What is a start-up?

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Start-ups, fundamentally, are about creating technological innovation. PayPal co-founder Peter Thiel put it best in Zero to One: he defined start-ups as creators of vertical innovation and not horizontal innovation. Examples of once-start-ups include YouTube, Facebook, and Alibaba.

Vertical innovation refers to new technology that has not been created before. A start-up aims to create a monopoly in a niche market, and then expand to new markets. Meanwhile, horizontal innovation (also called globalisation) is about bringing existing technology to places that don’t have it.

Steve Blank, author of Four Steps to the Epiphany, put it another way: “A startup is a temporary organization used to search for a repeatable and scalable business model.” When a business model is repeatable, it means you can reapply the same practices repeatedly to create predictable results, be it revenue or user growth. Scalable businesses possess these traits:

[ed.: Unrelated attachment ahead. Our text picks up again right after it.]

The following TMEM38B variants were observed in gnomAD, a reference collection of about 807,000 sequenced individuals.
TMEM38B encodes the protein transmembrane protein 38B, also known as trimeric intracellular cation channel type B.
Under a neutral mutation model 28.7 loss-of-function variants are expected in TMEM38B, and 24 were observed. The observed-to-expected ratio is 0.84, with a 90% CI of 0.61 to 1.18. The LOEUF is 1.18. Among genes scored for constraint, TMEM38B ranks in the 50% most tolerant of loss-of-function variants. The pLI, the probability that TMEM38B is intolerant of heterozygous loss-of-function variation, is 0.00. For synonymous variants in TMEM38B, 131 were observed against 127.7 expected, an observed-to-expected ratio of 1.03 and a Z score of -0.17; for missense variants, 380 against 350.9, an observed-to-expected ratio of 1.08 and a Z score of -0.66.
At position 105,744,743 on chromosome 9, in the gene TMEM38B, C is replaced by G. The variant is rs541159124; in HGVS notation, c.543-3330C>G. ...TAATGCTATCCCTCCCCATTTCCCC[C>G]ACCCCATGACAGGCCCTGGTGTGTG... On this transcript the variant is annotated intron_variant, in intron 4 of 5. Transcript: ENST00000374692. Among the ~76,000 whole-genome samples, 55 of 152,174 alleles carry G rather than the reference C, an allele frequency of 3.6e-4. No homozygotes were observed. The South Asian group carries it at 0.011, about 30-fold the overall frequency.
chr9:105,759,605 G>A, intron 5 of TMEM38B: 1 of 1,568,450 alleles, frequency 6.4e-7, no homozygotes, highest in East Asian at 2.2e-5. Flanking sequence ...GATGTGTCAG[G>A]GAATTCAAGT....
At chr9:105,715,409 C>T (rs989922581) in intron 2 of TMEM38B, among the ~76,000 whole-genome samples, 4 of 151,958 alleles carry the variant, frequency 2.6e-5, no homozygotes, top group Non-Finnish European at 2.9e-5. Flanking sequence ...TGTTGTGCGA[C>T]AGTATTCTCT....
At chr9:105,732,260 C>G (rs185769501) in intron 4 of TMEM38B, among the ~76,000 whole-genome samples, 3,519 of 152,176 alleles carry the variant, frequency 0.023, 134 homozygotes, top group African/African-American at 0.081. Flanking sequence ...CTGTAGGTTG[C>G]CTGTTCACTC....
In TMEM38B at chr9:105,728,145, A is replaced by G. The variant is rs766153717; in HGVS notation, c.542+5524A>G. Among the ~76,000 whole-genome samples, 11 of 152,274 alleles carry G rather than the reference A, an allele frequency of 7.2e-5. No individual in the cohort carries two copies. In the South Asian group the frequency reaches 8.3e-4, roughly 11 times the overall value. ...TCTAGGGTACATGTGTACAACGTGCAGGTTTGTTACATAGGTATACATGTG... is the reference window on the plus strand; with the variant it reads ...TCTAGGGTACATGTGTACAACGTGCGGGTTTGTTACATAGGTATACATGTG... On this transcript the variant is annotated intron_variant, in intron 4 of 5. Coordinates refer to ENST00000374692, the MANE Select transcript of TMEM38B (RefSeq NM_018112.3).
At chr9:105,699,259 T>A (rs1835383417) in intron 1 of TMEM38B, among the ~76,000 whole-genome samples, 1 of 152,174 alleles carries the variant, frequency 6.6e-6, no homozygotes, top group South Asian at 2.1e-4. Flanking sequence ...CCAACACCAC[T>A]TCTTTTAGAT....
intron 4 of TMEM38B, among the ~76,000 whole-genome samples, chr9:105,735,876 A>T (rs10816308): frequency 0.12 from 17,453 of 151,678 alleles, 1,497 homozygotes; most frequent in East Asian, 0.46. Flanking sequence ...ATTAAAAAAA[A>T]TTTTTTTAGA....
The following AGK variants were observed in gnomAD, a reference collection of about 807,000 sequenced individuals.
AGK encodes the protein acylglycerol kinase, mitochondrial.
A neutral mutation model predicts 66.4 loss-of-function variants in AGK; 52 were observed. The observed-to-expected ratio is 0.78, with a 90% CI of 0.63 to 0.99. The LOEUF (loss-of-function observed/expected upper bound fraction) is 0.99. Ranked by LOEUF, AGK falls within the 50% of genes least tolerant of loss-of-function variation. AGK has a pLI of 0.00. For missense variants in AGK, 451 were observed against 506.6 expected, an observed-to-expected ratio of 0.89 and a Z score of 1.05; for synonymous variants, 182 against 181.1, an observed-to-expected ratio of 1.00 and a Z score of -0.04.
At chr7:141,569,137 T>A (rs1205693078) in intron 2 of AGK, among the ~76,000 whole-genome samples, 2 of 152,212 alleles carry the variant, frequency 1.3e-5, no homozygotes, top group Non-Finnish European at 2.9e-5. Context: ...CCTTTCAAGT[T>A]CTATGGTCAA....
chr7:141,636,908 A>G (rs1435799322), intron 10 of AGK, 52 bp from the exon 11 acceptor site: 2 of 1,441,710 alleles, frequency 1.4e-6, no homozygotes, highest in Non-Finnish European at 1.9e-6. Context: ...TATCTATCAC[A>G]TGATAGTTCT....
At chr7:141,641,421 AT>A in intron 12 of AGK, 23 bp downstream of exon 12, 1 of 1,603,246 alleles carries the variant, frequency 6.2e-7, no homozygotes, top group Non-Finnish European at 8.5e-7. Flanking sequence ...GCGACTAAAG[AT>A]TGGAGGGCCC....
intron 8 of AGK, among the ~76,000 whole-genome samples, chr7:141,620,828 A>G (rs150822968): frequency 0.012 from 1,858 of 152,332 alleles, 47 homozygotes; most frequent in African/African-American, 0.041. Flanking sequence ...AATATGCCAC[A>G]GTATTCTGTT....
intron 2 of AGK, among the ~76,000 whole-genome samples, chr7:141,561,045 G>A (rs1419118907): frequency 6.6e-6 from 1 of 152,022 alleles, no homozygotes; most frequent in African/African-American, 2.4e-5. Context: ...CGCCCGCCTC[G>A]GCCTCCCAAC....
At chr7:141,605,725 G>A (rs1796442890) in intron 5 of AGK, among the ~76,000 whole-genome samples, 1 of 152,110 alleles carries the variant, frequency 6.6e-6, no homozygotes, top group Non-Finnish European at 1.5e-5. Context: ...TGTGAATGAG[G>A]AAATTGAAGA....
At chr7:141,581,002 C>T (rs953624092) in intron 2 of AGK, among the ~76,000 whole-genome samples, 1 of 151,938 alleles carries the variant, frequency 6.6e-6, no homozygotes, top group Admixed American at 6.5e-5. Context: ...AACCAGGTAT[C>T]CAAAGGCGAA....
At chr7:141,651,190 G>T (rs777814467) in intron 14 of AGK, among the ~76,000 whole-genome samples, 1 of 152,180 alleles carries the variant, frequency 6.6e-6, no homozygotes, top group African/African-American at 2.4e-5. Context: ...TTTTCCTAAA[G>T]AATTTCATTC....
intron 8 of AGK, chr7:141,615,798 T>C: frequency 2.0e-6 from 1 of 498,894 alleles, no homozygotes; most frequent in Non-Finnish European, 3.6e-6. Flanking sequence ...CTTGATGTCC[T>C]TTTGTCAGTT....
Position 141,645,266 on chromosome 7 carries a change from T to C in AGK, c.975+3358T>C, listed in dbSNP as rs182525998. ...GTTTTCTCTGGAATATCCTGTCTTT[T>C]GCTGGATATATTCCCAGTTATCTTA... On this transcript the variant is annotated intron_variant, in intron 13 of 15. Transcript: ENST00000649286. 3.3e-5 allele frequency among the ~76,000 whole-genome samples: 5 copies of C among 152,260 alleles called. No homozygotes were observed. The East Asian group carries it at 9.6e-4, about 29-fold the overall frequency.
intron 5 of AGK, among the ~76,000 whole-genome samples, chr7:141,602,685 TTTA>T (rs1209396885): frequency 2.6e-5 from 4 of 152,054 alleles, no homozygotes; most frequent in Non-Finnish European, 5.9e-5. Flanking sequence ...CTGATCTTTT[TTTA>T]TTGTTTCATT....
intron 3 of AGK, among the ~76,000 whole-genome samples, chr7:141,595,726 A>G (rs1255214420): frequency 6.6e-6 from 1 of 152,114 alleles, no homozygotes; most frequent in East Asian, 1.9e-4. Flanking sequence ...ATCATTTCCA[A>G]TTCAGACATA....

• Global ambition matched by internal processes that allow a business to grow quickly.
  • Raising of external capital from angel investors, venture capital funds, or private equity firms to fulfill demand and grow the business.
  • Invention of technology to help people do things in more effective and efficient ways than existing products.

Once a start-up finds a repeatable and scalable business model, it ceases to be a start-up.

Eric Ries, author of The Lean Startup, says that “a startup is a human institution designed to deliver a new product or service under conditions of extreme uncertainty.” Start-ups make products that cater to a niche in ways that haven’t been done before. This makes start-ups unpredictable, because a new product may not resonate among its apparent users and may require constant adjustments before it gets there.

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